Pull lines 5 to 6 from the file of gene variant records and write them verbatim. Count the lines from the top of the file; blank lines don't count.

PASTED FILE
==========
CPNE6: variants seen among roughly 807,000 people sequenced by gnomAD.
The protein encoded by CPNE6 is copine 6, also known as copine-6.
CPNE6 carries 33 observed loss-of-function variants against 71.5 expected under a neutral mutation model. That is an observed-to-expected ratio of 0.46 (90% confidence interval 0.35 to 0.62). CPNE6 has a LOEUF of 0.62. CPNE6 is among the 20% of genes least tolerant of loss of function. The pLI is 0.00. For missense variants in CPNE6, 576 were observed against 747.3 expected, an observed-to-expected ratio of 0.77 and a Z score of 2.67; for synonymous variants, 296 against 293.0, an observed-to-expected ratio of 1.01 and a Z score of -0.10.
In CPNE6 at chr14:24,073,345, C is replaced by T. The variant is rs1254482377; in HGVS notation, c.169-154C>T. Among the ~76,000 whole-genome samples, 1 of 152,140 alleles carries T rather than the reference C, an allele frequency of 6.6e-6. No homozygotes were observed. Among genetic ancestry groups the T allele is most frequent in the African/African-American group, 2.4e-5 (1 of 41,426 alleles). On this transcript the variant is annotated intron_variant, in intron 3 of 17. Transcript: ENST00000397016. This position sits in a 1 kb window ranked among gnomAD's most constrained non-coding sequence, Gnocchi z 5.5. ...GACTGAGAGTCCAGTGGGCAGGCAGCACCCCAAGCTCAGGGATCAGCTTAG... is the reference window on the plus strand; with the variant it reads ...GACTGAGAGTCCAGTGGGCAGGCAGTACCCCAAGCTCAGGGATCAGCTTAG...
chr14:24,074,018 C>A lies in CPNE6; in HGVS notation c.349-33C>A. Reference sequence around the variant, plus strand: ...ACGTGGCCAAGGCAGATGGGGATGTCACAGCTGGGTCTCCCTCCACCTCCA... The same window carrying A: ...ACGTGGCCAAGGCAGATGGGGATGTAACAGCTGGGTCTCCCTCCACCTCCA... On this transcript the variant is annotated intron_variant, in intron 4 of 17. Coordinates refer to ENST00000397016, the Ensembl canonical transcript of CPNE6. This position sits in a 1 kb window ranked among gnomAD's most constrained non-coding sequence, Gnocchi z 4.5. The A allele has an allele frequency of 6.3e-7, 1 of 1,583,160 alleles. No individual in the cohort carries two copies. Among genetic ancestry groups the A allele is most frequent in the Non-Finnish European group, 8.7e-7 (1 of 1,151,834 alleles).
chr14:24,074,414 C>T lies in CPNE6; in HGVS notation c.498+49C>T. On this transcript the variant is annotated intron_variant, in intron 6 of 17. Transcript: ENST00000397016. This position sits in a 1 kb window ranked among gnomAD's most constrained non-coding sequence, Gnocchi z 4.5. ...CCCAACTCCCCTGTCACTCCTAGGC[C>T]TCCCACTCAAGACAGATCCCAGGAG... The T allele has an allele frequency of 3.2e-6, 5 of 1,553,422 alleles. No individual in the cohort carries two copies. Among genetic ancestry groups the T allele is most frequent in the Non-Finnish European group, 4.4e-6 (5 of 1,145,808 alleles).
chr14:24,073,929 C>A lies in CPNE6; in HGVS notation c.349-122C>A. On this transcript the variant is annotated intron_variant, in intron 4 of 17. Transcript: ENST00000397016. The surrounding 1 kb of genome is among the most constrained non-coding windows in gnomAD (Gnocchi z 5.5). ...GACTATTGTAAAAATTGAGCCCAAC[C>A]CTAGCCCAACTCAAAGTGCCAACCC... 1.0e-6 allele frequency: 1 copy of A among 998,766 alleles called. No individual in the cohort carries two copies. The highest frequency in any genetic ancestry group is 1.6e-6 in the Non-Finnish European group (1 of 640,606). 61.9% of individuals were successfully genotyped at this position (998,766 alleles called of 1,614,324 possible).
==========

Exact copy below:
chr14:24,074,018 C>A lies in CPNE6; in HGVS notation c.349-33C>A. Reference sequence around the variant, plus strand: ...ACGTGGCCAAGGCAGATGGGGATGTCACAGCTGGGTCTCCCTCCACCTCCA... The same window carrying A: ...ACGTGGCCAAGGCAGATGGGGATGTAACAGCTGGGTCTCCCTCCACCTCCA... On this transcript the variant is annotated intron_variant, in intron 4 of 17. Coordinates refer to ENST00000397016, the Ensembl canonical transcript of CPNE6. This position sits in a 1 kb window ranked among gnomAD's most constrained non-coding sequence, Gnocchi z 4.5. The A allele has an allele frequency of 6.3e-7, 1 of 1,583,160 alleles. No individual in the cohort carries two copies. Among genetic ancestry groups the A allele is most frequent in the Non-Finnish European group, 8.7e-7 (1 of 1,151,834 alleles).
chr14:24,074,414 C>T lies in CPNE6; in HGVS notation c.498+49C>T. On this transcript the variant is annotated intron_variant, in intron 6 of 17. Transcript: ENST00000397016. This position sits in a 1 kb window ranked among gnomAD's most constrained non-coding sequence, Gnocchi z 4.5. ...CCCAACTCCCCTGTCACTCCTAGGC[C>T]TCCCACTCAAGACAGATCCCAGGAG... The T allele has an allele frequency of 3.2e-6, 5 of 1,553,422 alleles. No individual in the cohort carries two copies. Among genetic ancestry groups the T allele is most frequent in the Non-Finnish European group, 4.4e-6 (5 of 1,145,808 alleles).